Back to school basics about head lice.

Aug 27, 2019

By Trevor Shewfelt, Pharmacist at the Dauphin Clinic Pharmacy

Go live in Residence. As my oldest child, Emily, prepares for her final year at DRCSS, I thought I'd try again. For the last couple decades, I've told every high school student who has worked at the pharmacy to try Residence. Very few of them listened to me. I assume Emily will ignore me as well. However as my kid, I'm pretty sure ignoring me is Emily's occupation. But the rest of you, if you are going off to post-secondary education, and there is the option of living in Residence, take it. I had mini-reunion this summer with people I was in Residence with 25 plus years ago. I still talk to and see some of them regularly. I am not in contact with the 350 plus people I took first year Bio with, because I don't know who they are. It is very hard to meet people in large university or college classes. You are forced to meet and interact with people in Residence.

Before shipping my oldest kid off to post-secondary education, we need to get through one more lice season. Back to school can mean back to lice. But no matter what your age, you are never too old or too young for head lice. Let's go over the basics. Head lice are quite common. Having head lice doesn't mean someone has dirty hair. Lice actually seem to prefer clean hair. Children from 3 to 11 years old are the most affected age group. Girls seem to be more affected than boys. However, anyone can get lice, regardless of sex, race, age, hair length or socio-economic status.

What are lice? Head lice are parasites that live in humans' hair. The scientific name for them is Pediculus humanus capitis. Lice are wingless insects with six legs and range in color from white to brown to dark grey. They don't fly and they don't jump. A young louse matures in 10-12 days and the adult is 2-4mm long. They multiply very quickly. Females lay 7 to 10 oval and whitish eggs attached to the base of a hair shaft every day. The eggs are called nits. Seven to ten days later, the nits hatch and are called nymphs. The whole life-cycle is about 20-30 days. Lice are transmitted in two main ways. Lice can be transmitted directly by close contact from one infested scalp to another (e.g. touching heads together). They can also be transmitted indirectly by sharing personal articles that come in contact with the head (e.g. brushes, hats, etc). I was surprised to learn the transmission rate. Apparently, lice will only be transferred 10-30% of the time when someone is exposed. It is believed prolonged head to head contact, ie. over 30 seconds, is required for lice to move from one person to another. Quick head contact or transfer through inanimate objects like combs, brushes or hats is supposed to be uncommon. Adult lice need us for their blood meal. Nits need our head warmth for incubation. Lice and nits die when away from us humans for 55 hours.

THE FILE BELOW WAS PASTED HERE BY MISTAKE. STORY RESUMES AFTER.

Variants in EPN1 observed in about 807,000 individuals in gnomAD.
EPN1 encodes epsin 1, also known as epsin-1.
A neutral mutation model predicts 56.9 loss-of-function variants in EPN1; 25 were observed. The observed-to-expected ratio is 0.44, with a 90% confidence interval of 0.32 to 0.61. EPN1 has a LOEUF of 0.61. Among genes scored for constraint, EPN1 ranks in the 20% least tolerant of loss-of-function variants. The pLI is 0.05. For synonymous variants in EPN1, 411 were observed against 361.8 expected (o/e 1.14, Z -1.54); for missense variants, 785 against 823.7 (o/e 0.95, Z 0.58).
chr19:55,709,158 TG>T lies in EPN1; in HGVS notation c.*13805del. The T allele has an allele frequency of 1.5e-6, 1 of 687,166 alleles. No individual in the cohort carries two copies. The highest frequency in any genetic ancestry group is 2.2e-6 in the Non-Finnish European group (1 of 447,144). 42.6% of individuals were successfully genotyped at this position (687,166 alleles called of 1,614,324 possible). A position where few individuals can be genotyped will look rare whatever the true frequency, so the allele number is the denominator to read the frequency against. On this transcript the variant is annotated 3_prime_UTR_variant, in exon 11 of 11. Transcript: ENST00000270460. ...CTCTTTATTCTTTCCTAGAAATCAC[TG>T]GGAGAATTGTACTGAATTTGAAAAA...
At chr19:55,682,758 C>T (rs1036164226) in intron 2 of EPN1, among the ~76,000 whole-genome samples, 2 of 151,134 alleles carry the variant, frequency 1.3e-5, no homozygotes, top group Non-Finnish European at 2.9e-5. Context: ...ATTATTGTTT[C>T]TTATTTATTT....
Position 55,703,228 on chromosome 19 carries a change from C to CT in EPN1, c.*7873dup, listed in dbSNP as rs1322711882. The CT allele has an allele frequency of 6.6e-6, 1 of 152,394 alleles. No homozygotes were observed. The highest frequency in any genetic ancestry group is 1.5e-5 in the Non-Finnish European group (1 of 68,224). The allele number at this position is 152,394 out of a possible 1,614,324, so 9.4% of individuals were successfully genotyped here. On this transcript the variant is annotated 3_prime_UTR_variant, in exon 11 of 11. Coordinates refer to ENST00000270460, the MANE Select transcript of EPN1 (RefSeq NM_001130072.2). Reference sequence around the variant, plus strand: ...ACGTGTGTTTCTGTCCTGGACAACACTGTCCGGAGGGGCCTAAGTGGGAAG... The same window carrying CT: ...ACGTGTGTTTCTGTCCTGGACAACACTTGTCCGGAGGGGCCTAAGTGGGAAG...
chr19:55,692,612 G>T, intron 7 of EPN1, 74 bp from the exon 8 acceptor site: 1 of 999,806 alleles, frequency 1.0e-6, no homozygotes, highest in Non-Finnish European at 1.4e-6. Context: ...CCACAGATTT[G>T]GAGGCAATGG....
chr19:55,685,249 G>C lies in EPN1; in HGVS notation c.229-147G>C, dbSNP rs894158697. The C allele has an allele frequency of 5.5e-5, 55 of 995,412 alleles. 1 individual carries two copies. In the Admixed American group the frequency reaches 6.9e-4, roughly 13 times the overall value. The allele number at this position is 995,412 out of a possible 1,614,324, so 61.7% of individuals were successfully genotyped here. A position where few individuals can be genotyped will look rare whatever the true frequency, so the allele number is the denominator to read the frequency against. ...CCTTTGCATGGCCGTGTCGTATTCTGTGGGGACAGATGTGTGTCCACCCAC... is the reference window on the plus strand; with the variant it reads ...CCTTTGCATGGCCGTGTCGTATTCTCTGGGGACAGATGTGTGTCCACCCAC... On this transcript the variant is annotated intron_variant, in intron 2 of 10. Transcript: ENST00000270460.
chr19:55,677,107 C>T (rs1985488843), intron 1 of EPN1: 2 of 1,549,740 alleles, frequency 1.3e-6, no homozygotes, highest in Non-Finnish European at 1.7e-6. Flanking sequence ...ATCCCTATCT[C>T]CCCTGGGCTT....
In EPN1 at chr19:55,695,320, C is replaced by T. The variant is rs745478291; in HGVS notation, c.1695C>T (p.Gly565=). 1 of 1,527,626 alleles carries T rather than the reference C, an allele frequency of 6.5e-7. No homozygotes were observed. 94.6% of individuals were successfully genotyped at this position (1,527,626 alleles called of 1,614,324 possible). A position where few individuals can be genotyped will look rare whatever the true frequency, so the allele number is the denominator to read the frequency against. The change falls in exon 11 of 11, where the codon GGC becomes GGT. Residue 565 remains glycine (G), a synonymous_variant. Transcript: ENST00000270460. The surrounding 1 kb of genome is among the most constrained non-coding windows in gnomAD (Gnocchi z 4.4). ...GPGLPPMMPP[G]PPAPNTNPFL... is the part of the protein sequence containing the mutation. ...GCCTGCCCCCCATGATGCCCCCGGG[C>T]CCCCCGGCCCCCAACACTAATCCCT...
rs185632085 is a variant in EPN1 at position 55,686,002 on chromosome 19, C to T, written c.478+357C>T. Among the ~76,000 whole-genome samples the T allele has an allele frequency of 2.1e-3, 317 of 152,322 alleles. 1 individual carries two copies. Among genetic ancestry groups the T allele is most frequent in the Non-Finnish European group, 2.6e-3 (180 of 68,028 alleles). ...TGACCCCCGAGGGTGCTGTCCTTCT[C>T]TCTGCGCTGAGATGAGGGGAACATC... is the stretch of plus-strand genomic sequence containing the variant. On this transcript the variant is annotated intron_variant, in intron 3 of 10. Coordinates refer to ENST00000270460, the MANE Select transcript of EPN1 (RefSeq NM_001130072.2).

What are the symptoms of having lice? Most people don't have any symptoms at all. If a person is going to have symptoms, the most common symptom is itching, especially around the ears and back of the scalp. This itching is from a mild allergic reaction to the saliva of the louse when it feeds on us. There can be small sores on the person's scalp or neck. If these sores get infected, there can be pus. How do you recognize head lice? First you should see nits (the eggs) attached to the base of the hair shafts on the warmer parts of the scalp (the back and sides). The egg or nit is oval and glued to the hair. Nits are laid close to the scalp for warmth, usually around the ears and the nape of the neck. Live nits are brownish in color, and dead ones are whitish. Nits found more than 0.6 cm from the scalp have grown out with the hair and have either hatched or are dead. To know for sure that someone has lice, though, you have to see the live adult louse. Combing with a fine toothed comb is supposed to be 4 times more efficient and twice as fast for finding adult lice as just looking through the scalp.